Biography of Edgar Degas
Edgar Degas was born in Paris in 1834, his father a wealthy banker and his mother an emigre from New Orleans.
Despite his privileged upbringing, Degas was a difficult person. He was opinionated, demanding and (at least in later life) anti-Semitic. As Caillebotte said during preparations for one of the impressionist exhibitions,
“He is quite intolerable. But we have to concede that he is extremely talented.”
To make matters worse, Degas had an eye condition identified during the Franco-Prussian war of 1870 that made him extremely sensitive to sunlight and resulted in his near-total blindness from 1901.
But Degas was indeed a genius. He focused on classical technique in the early years of his career, though his famous work from this era Spartan Girls Challenging Boys has a number of modern touches. Degas also exhibited in seven of the eight impressionist exhibitions, more than many of the key impressionists such as Manet, Monet, Cezanne and Renoir.
Today he is best known for his works of ballerinas and jockeys. His works of the ballet are particularly striking: they are incredibly beautiful, they are unusual (often painted from unusual angles), and they also depict the reality of the lives lived by working class dancers—rehearsal, exhaustion, exploitation.
Degas is also rightly famous for a number of works of the New Orleans cotton exchange run by his mother’s family, which he visited in the early 1870s.
1. Degas early years
Edgar Degas was born on 19 July 1834 at 8, Rue Saint Georges in Paris. He was the eldest of his parents' five children
Degas’ father, Augustin, was a wealthy banker and his mother a Creole emigre from New Orleans. Degas attended a good Lycee and graduated with a baccalaureate in 1853. He then studied law for a while, but it became increasingly clear that art was his true vocation.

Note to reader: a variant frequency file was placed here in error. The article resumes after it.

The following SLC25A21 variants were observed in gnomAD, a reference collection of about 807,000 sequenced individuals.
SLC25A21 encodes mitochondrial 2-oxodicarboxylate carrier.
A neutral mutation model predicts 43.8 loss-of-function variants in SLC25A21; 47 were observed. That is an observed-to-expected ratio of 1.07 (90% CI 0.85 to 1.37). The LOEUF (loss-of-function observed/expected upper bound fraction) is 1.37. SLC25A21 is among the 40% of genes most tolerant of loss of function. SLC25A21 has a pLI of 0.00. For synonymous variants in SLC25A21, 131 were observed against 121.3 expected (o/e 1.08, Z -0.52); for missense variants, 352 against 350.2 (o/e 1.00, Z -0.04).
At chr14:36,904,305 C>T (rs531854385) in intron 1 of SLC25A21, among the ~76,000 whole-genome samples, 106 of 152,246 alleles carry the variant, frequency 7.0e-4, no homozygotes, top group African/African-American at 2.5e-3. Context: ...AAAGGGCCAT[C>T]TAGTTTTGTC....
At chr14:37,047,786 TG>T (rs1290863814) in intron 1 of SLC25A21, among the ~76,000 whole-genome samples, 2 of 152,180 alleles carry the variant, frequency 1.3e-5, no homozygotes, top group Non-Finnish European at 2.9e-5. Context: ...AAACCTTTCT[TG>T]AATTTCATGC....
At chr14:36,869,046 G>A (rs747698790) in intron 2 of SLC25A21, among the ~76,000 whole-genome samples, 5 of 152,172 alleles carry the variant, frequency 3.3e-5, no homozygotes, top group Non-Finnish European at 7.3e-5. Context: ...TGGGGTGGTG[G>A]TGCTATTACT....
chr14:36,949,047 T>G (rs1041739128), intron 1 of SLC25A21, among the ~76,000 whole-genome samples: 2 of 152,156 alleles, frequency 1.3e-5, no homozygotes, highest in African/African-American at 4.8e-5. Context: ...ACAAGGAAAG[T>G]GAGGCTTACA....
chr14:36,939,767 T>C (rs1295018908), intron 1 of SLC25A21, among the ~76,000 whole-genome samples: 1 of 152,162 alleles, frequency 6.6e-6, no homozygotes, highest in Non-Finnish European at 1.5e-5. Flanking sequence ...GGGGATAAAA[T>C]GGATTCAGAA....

Unlike Monet, Degas’ father was a source of encouragement and advice. Degas enrolled at the Louvre as a copyist and spent large chunks of the 1850s in Italy, staying in Florence and Rome in particular, copying Renaissance masterpieces.
Degas’ early style
Degas’ early style might be said to be classical, and it is certainly true that he was inspired by Ingres and old masters such as Titian. But two aspects of Degas’ work suggested from an early age that he was destined for greatness.
First, Degas was a hard-worker. By 1860, he has produced 700 copies of older works.
Secondly, and more importantly, Degas did not copy works unthinkingly. He would, for example, focus on a small part of a masterpiece rather than seek to reproduce the whole. And Degas committed his thinking on painting, together with many of his innermost thoughts, to a meticulous diary.
Degas’ early works
Degas’ unique insight can be seen in three of his earliest works, The Suffering of New Orleans, Spartan Girls Challenging Boys and The Bellelli Family.
The Suffering of New Orleans is ostensibly an historical painting in classical style. But it seeks to depict a modern event, the capture of New Orleans by Union Troops in 1862 (representing a major turning-point in the American Civil War).
The result is decidedly odd: nude females lie around in agony, whilst another is shot by an archer on horseback. The only ostensible reference to New Orleans is what appears to be a fairly small fire to the top right of the painting. But these oddities don't much matter: the important thing is that Degas was thinking about his art and trying to be different.
Degas was disappointed when Suffering received scant attention during the 1865 Salon, where all other works were overshadowed by Manet’s Olympia (a painting of a naked prostitute staring brazenly out from the canvas). Competed in 1865, the Suffering now hangs in Paris’ Musee d’Orsay.
Spartan Girls Challenging Boys is another fascinating work. Sparta was a warrior society in ancient Greece, and this painting shows a group of nude adolescent girls taunting a similar group of boys. But, again, the picture seems to add a touch of modernity: were the girls really from a Spartan age or were they, as one critic put it,
“skinny urban brats”.Though substantially completed in 1860, Degas did not show this painting until the impressionist exhibition of 1879 and kept it in his studio throughout his life. It now hangs in London’s National Gallery.
The Bellelli Family is a family portrait with a difference.